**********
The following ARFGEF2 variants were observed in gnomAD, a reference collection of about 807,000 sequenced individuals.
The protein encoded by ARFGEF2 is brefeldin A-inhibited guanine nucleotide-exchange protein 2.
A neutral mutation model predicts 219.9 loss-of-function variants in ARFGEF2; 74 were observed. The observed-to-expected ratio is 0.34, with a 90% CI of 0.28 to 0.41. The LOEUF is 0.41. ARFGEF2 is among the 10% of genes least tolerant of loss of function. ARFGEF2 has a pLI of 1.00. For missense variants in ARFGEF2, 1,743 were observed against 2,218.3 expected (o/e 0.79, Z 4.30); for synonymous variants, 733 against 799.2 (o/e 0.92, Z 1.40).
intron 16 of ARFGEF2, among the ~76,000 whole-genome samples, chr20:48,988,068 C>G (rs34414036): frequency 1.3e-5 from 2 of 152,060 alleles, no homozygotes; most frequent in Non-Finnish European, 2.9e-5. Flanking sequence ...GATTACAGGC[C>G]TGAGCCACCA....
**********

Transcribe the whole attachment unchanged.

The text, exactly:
The following ARFGEF2 variants were observed in gnomAD, a reference collection of about 807,000 sequenced individuals.
The protein encoded by ARFGEF2 is brefeldin A-inhibited guanine nucleotide-exchange protein 2.
A neutral mutation model predicts 219.9 loss-of-function variants in ARFGEF2; 74 were observed. The observed-to-expected ratio is 0.34, with a 90% CI of 0.28 to 0.41. The LOEUF is 0.41. ARFGEF2 is among the 10% of genes least tolerant of loss of function. ARFGEF2 has a pLI of 1.00. For missense variants in ARFGEF2, 1,743 were observed against 2,218.3 expected (o/e 0.79, Z 4.30); for synonymous variants, 733 against 799.2 (o/e 0.92, Z 1.40).
intron 16 of ARFGEF2, among the ~76,000 whole-genome samples, chr20:48,988,068 C>G (rs34414036): frequency 1.3e-5 from 2 of 152,060 alleles, no homozygotes; most frequent in Non-Finnish European, 2.9e-5. Flanking sequence ...GATTACAGGC[C>G]TGAGCCACCA....